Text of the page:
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Port (computing)

In computing, port has three meanings:

A hardware port is an outlet on a piece of equipment into which a plug or cable connects. For instance, a computer may have a keyboard port, into which the keyboard is connected.

A networking port, so named by analogy with the above, is a notational point for the connection of network programs. In TCP and UDP, multiple network services running on a single host are distinguished by port numbers; the operating system kernel uses these port numbers to sort out which packets should go to which programs. A program which is using a port, whether to await connections (i.e. to be a server) or to make connections, is said to have a socket[?] bound to that port -- more hardware analogy. A well known port is between the range 0-1023 which were traditionally assigned by IANA. Ephemeral ports are somewhere between 1024 to 65535 depending on the implementation of the TCP/IP stack of an operating system.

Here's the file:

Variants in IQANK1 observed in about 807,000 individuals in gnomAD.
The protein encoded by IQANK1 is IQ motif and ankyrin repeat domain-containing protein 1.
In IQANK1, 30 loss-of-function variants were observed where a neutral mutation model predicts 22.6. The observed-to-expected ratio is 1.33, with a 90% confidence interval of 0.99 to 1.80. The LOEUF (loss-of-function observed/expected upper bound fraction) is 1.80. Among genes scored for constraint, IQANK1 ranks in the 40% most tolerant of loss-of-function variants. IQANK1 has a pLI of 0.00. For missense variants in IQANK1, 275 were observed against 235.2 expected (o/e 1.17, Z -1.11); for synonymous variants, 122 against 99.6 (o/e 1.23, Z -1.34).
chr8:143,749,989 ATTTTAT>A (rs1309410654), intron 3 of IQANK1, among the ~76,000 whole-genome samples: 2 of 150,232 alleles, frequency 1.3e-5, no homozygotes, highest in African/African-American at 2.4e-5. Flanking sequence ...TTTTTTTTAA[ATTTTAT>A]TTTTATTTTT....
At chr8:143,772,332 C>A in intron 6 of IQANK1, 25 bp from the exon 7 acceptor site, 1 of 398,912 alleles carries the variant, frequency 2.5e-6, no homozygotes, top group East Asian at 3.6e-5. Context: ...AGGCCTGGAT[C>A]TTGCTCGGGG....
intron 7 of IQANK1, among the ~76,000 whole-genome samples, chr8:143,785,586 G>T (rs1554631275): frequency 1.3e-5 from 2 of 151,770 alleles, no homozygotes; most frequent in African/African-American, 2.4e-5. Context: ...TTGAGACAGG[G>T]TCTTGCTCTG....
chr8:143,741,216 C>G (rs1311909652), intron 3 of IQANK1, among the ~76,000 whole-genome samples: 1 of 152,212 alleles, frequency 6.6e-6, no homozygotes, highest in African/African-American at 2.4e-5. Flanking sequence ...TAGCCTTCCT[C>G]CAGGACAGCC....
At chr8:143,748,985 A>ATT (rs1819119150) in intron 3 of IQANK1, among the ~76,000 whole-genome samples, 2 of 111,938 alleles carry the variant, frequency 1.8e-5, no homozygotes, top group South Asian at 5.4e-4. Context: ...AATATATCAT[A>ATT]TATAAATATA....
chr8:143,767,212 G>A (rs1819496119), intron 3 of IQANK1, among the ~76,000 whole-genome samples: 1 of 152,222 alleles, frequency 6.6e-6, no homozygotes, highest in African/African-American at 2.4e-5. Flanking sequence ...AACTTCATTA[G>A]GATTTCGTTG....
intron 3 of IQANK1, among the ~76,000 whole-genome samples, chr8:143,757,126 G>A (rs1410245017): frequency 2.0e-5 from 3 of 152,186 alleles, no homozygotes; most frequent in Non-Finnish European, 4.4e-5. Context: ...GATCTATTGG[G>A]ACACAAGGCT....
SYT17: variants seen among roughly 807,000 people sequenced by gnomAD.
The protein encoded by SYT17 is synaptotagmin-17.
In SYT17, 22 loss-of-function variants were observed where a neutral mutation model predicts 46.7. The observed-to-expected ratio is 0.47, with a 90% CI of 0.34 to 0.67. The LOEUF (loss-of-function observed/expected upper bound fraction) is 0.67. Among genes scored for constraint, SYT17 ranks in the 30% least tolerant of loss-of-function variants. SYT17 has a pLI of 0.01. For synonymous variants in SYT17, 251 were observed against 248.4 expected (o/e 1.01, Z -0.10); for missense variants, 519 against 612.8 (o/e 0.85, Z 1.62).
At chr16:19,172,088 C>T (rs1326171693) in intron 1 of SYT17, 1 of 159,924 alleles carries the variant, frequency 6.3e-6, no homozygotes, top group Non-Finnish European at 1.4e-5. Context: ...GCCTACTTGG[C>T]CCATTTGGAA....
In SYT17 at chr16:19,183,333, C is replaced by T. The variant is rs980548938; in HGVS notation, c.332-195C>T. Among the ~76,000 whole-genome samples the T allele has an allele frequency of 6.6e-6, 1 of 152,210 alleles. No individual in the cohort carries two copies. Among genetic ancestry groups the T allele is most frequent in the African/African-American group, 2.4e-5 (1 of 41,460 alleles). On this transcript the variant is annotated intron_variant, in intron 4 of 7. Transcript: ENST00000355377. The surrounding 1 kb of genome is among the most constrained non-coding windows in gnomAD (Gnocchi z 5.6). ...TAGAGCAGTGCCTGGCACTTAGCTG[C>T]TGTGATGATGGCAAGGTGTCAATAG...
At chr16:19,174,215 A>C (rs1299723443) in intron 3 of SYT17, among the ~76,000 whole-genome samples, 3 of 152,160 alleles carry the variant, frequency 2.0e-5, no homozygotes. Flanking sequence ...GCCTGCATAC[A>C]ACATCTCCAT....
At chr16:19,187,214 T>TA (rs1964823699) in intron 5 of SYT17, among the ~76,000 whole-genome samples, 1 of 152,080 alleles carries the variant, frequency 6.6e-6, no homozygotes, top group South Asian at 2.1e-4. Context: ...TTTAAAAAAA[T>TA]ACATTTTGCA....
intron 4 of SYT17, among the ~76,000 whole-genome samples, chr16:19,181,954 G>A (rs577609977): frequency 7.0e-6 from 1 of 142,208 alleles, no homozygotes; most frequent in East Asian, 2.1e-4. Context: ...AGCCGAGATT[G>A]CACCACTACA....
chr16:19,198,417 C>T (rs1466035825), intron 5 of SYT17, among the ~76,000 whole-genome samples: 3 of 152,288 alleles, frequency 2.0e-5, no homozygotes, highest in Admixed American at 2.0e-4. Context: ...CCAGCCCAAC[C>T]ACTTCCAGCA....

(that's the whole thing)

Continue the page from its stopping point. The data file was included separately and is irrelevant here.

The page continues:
List of some well known network ports:

In programming, a port is a localization or translation of a piece of software to a particular API, operating system, or generally any other computing environment than that for which it was written. See porting for detail.

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